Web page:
So, I decided to see what I could create, without a recipe.  I simply cut each fig in half and scooped out the pulp. The container (12-15 figs...I didn't count them) yielded roughly a cup of the fig pulp (or is it meat?) In a sauce pan I put about 1/2 cup of sugar, the zest and juice of one orange and-- on impulse- a splash of balsamic vinegar. I brought it to a boil, on medium high. I tasted it, and I decided it was missing something. I had some Ruby Red Port Wine (I love cooking with it), so I added about 1/4 cup. While that reduced (about 15 minutes), I quickly toasted a handful of almonds until fragrant (2 minutes in a dry skillet) and then chopped them very fine, in a mini chopper. I added the almonds to the jam, at the end. I tasted it and I was did a happy dance! I didn't photograph how I made this, because I was totally winging it. I quickly wrote down the recipe (which is at the bottom of this page).


What did I do with most of this fig jam?  It has something to do with this ingredient:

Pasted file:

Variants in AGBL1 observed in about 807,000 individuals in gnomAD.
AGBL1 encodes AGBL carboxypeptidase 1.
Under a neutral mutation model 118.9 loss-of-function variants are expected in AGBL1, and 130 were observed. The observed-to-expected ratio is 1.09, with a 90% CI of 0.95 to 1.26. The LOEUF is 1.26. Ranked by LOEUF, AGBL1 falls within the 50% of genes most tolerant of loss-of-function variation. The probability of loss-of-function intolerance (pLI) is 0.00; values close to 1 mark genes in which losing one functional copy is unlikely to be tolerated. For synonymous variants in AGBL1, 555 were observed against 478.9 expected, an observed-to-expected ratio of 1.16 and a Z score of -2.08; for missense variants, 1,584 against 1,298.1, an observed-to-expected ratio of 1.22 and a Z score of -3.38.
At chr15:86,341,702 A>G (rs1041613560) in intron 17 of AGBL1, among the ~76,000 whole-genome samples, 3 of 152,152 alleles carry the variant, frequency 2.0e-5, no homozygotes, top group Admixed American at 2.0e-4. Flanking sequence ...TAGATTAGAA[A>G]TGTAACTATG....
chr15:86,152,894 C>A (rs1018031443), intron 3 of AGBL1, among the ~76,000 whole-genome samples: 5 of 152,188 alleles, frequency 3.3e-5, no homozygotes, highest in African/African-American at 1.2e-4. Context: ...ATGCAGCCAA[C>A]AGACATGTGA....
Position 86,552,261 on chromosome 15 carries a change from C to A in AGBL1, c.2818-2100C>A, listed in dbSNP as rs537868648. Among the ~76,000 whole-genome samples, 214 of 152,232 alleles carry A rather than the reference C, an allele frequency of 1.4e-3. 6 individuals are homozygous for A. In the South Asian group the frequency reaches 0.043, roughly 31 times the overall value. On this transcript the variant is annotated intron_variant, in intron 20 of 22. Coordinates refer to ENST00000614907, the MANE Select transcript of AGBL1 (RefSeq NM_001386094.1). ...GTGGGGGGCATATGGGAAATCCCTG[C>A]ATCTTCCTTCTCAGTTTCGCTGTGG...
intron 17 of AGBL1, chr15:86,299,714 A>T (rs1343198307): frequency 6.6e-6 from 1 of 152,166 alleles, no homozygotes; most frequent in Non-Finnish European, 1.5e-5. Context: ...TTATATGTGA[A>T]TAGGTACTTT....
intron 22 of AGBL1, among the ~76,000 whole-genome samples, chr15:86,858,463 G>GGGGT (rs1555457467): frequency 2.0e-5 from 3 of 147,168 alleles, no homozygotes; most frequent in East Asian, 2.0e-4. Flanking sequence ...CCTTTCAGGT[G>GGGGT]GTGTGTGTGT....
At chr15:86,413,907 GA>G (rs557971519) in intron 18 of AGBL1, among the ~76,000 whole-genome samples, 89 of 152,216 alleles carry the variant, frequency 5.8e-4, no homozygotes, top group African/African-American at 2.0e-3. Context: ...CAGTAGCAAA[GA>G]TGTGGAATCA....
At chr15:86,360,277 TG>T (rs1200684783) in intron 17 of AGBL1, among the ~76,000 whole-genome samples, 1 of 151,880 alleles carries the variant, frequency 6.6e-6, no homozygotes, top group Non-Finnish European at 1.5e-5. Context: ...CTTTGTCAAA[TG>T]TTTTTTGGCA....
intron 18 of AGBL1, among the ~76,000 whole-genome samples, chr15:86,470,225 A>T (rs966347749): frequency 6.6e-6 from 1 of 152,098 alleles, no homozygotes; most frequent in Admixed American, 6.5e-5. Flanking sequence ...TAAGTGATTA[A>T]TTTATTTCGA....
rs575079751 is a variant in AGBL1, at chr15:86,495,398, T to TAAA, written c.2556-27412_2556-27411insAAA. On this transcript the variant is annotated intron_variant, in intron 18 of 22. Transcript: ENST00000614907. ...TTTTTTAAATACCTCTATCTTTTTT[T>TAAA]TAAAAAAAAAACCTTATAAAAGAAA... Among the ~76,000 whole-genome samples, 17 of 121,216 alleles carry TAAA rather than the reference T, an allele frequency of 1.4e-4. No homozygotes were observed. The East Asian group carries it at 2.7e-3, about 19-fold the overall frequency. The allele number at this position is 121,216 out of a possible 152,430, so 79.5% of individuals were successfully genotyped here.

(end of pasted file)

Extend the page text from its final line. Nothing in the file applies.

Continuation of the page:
Italian Prunes (also called Italian Plums or Stanley Plums)


(I've shared the recipe, and you can see my Bavarian Plum Galette here. )

I had about 1/2 cup of this delicious jam left, so I decided to make a Panini sandwich, with brie and fig jam. I don't own a panini press, but I have improvised my own-- it works great!

I have a square cast iron grilling skillet and a bacon press! I brush on some olive oil and bring it to a medium high heat. Maybe this isn't authentic, but I put a very thin schmear of unsalted butter (trying not to think of fat grams)on some sliced french bread (this happened to be sour dough, from my freezer).


Into the preheated skillet the sandwiches went for just a couple of minutes, and I gave the sandwiches a flip.
The bacon press does a pretty decent job of pressing the bread together, I think.